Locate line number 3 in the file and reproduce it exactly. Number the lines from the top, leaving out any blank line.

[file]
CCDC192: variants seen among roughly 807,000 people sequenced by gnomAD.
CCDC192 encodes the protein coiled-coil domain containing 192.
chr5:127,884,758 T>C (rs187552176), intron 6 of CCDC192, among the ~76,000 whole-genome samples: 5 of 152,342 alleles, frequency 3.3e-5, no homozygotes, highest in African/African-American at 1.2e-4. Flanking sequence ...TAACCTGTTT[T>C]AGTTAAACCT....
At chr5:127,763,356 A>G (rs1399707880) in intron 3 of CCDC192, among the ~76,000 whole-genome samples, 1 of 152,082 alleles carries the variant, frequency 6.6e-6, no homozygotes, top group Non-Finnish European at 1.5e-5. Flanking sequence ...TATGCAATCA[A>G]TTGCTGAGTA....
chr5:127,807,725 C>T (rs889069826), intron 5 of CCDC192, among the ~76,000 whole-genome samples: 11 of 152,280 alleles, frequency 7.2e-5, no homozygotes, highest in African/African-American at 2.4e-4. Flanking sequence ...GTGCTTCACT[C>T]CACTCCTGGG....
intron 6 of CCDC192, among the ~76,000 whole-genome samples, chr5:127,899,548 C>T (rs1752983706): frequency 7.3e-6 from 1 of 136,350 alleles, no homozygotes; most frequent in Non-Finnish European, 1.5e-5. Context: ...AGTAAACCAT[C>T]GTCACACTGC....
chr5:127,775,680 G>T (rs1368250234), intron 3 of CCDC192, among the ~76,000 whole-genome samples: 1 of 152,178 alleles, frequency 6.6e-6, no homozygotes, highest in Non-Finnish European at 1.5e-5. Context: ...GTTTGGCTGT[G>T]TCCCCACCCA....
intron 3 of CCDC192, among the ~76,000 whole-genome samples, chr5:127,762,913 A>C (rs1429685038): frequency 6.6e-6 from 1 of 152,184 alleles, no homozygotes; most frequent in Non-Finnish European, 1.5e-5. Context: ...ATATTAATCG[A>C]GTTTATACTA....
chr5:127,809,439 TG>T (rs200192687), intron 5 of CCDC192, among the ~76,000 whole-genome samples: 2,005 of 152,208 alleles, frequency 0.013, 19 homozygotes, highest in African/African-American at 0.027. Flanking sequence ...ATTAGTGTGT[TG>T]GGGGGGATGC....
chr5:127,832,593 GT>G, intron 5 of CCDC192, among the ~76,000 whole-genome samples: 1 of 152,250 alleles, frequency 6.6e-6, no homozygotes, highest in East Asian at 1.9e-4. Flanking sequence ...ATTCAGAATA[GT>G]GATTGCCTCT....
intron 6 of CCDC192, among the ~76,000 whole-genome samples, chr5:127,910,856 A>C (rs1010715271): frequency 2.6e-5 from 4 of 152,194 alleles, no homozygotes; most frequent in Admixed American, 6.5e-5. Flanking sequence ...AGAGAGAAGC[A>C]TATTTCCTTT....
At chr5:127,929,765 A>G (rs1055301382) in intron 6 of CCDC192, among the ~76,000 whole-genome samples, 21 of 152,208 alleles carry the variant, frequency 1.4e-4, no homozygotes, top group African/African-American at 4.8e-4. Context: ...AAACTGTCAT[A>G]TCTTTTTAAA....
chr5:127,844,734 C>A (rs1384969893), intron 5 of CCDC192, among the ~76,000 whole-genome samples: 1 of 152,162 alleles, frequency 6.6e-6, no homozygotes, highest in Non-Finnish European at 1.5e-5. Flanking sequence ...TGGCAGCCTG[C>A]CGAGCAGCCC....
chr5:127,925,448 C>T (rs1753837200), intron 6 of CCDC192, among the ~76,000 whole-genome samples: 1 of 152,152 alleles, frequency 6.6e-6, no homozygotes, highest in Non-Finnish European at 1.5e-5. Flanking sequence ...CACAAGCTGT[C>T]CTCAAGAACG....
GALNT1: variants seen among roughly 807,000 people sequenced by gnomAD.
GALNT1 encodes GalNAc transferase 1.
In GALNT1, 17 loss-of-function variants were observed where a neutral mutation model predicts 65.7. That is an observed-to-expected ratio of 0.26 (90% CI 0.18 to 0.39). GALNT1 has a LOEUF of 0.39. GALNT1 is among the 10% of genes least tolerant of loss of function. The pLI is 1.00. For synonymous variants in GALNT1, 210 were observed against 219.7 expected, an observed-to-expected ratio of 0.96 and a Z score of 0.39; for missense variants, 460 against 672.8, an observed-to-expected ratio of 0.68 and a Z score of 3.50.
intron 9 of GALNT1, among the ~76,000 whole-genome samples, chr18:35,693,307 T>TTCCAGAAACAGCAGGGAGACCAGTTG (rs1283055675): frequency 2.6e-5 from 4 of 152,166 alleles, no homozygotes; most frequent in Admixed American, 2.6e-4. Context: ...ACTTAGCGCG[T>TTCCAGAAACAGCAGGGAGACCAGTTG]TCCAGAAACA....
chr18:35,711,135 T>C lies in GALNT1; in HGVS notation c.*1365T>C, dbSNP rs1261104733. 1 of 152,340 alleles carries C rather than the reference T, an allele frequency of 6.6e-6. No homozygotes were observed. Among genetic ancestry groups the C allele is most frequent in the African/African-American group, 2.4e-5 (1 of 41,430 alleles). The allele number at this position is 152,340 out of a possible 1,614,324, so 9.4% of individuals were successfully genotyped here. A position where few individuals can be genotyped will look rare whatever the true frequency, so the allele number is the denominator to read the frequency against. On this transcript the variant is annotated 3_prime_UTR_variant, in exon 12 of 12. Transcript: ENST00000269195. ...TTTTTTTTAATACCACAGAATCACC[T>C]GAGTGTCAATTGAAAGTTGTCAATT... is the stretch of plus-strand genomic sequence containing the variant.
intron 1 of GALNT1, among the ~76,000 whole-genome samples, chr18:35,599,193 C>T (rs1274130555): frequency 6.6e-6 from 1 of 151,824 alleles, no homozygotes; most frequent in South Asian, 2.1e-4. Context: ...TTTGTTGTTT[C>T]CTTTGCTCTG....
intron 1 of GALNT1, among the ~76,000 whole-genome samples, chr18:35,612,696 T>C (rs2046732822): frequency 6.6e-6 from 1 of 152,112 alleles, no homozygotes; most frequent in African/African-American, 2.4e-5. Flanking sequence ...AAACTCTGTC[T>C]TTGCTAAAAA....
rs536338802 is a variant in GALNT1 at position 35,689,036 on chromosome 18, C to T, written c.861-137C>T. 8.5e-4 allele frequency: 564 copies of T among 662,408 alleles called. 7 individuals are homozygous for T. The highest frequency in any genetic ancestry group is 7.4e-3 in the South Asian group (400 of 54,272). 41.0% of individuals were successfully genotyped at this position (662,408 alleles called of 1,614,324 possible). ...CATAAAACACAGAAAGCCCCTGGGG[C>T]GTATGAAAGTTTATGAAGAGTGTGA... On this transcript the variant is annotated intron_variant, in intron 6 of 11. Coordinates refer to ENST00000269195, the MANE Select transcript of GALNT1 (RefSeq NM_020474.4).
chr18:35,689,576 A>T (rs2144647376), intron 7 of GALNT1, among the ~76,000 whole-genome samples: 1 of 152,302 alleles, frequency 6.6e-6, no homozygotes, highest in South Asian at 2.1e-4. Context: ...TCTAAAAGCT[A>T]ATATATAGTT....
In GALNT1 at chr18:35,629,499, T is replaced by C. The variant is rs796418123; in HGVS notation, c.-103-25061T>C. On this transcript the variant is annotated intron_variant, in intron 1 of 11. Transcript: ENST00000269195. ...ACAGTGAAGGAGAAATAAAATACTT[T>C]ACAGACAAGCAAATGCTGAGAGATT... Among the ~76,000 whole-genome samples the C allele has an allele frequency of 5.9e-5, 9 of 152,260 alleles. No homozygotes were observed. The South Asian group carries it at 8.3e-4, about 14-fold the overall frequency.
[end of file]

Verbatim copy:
chr5:127,884,758 T>C (rs187552176), intron 6 of CCDC192, among the ~76,000 whole-genome samples: 5 of 152,342 alleles, frequency 3.3e-5, no homozygotes, highest in African/African-American at 1.2e-4. Flanking sequence ...TAACCTGTTT[T>C]AGTTAAACCT....